February 18

What was advertised in a colonial American newspaper 250 years ago today?

Providence Gazette (February 18, 1769).

“He wants good Hoops, Boards and Staves, some very good Horses, and a new Milch Cow. (51)”

Readers of the Providence Gazette may have noticed that some, but not all, of the advertisements concluded with a number in parentheses. In the February 18, 1769, edition, Samuel Chace’s advertisement for a “NEW and general Assortment of English and India GOODS,” for instance, ended with “(51)” on the final line. Thomas Greene’s advertisement for a “fresh Assortment of DRY-GOODS” immediately above it featured “(64).” Elsewhere in the issue, other advertisements included “(55)” and “(62).” The first three advertisements all had “(67)” on the final line. What purpose did these numbers serve?

They were not part of the copy submitted by advertisers. Instead, the compositor inserted these numbers to record the first issue in which an advertisement appeared. According to the masthead, the February 18 edition was “NUMB. 267.” The “(67)” indicated three of the advertisements made their inaugural appearance in that issue. Similarly, “(51)” was associated with issue number 251 and “(64)” first ran in issue number 264. The printer and compositor made use of these numbers for bookkeeping and other aspects of producing the Providence Gazette. They made it much easier to determine when it was time to remove an advertisement from subsequent issues.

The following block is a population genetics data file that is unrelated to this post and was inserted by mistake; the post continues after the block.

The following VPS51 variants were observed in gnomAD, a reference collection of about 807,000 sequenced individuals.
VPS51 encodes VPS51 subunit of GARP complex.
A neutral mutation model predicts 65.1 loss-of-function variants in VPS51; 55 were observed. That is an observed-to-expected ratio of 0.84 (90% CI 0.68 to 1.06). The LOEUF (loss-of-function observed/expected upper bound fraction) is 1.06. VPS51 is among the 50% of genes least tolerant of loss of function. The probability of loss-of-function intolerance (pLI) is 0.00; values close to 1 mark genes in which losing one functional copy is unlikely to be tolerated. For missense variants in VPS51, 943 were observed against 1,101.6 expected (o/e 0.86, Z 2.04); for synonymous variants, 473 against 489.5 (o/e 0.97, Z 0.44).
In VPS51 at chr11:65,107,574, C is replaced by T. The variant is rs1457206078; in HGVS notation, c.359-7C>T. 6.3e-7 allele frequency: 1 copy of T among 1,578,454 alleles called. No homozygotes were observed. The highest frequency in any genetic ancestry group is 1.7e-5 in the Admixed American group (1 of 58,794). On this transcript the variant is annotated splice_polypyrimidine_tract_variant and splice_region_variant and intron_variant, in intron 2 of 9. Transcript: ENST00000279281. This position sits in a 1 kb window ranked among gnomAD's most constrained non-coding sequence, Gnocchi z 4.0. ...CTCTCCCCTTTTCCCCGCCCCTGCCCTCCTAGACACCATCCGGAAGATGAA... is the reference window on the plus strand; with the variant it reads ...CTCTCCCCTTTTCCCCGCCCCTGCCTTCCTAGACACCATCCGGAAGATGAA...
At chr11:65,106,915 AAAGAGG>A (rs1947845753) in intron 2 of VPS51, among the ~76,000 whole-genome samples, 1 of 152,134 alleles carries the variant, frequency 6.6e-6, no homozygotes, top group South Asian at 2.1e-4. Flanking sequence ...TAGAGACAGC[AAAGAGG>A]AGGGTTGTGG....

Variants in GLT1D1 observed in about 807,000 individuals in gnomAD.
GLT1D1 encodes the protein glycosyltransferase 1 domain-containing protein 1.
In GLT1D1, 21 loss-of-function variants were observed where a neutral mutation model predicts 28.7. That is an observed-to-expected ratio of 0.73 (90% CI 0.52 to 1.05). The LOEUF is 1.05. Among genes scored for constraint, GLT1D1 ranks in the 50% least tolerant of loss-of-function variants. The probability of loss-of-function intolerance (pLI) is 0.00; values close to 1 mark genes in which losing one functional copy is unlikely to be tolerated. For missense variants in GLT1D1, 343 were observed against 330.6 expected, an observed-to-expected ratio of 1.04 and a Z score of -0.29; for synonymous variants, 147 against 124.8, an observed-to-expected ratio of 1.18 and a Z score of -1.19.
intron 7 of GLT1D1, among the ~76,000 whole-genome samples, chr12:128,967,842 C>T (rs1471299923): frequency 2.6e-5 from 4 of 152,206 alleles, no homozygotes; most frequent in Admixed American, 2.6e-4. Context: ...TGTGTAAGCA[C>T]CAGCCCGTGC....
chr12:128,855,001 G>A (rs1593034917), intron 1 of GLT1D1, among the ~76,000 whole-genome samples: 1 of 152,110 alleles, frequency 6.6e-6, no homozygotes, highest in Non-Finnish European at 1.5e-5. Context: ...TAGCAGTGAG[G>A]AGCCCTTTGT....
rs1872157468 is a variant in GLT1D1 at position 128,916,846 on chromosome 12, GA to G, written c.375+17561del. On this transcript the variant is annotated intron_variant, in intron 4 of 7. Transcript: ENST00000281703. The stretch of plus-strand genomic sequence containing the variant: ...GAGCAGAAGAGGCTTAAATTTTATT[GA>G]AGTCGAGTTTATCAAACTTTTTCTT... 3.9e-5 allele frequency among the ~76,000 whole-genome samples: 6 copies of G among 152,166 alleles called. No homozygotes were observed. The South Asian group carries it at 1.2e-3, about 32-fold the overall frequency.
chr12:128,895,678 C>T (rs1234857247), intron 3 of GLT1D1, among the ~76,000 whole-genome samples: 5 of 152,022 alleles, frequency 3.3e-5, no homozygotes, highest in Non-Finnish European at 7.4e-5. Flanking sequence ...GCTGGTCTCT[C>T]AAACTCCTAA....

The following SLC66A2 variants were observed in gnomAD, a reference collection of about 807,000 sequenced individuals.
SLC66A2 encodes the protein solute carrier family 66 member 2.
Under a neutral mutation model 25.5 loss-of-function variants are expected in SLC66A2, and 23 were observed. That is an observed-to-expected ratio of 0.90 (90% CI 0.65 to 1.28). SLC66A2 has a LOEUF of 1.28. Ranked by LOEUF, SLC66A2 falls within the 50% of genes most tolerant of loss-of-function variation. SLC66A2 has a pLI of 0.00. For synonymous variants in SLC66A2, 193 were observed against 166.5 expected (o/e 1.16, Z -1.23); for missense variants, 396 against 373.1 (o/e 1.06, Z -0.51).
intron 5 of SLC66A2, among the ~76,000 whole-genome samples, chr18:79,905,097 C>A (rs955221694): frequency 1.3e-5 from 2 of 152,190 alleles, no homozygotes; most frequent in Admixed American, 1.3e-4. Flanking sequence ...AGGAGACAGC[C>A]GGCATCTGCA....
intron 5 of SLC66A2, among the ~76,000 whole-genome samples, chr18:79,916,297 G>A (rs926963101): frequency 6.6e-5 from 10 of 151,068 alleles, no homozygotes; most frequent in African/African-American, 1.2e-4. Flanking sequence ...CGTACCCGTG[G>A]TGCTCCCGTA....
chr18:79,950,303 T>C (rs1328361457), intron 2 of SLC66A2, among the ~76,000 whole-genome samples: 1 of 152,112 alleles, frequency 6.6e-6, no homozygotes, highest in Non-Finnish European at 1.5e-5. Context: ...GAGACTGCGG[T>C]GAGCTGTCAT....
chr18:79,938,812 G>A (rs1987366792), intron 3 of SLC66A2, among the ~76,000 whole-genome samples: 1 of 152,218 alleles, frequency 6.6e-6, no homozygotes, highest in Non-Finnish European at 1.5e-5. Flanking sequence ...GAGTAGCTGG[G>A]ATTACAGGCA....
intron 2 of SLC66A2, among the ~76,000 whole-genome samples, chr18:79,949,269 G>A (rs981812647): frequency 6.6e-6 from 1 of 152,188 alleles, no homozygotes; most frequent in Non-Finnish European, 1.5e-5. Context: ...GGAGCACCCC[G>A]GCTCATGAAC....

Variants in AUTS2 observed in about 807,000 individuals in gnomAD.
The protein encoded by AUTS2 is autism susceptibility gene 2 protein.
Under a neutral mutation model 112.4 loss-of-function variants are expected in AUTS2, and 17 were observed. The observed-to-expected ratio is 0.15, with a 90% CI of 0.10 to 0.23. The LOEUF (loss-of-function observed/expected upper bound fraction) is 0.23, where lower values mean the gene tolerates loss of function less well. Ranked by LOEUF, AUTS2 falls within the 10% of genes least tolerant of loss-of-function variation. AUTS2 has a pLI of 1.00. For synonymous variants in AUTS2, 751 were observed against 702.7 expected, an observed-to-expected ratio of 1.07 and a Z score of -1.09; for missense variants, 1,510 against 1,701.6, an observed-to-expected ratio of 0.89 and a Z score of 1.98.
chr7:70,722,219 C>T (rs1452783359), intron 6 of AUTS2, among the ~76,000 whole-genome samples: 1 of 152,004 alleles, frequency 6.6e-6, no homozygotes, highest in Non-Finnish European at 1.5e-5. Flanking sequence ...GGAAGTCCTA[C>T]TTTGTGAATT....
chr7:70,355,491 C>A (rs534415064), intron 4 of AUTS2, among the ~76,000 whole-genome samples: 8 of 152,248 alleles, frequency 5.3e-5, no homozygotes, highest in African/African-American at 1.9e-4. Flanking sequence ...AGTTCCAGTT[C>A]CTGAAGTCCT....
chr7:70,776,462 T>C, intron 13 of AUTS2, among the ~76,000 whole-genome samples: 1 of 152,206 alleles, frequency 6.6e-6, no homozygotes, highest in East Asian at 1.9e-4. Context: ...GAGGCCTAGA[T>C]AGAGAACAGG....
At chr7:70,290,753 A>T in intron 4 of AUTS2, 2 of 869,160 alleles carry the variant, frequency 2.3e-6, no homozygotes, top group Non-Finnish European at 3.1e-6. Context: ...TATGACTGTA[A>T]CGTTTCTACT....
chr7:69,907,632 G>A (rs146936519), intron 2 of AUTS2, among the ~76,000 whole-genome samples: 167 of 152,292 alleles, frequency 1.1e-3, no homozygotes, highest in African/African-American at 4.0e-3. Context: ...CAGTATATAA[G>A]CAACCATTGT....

That the advertisements in the February 18 edition did not appear in numerical or chronological order also demonstrates another aspect of newspaper production. Compositors set the type for each advertisement only once. Once the type had been set, however, compositors moved advertisements around to fit them on the page. In general, no advertisements received privileged placement based on how many weeks they ran in the newspaper, nor did the compositor attempt to organize them according to any principles other than the most efficient use of space. Advertisements making their inaugural appearance, however, were an exception to that rule. In the February 18 issue, all of the advertisements marked “(67)” appeared before any other advertisements. Printers and compositors did give new advertisements a place of prominence, knowing that readers sometimes looked for those in particular. Although the Providence Gazette did not do so, some newspapers even ran special headings for “New Advertisements” to distinguish them from others that already ran in previous issues.

Printers and compositors intended for subscribers and other readers to ignore the numbers they inserted on the final line of many advertisements. Those numbers made important information readily accessible to those who worked in printing offices, but it was not information intended to shape public reaction to the contents of the paid notices.

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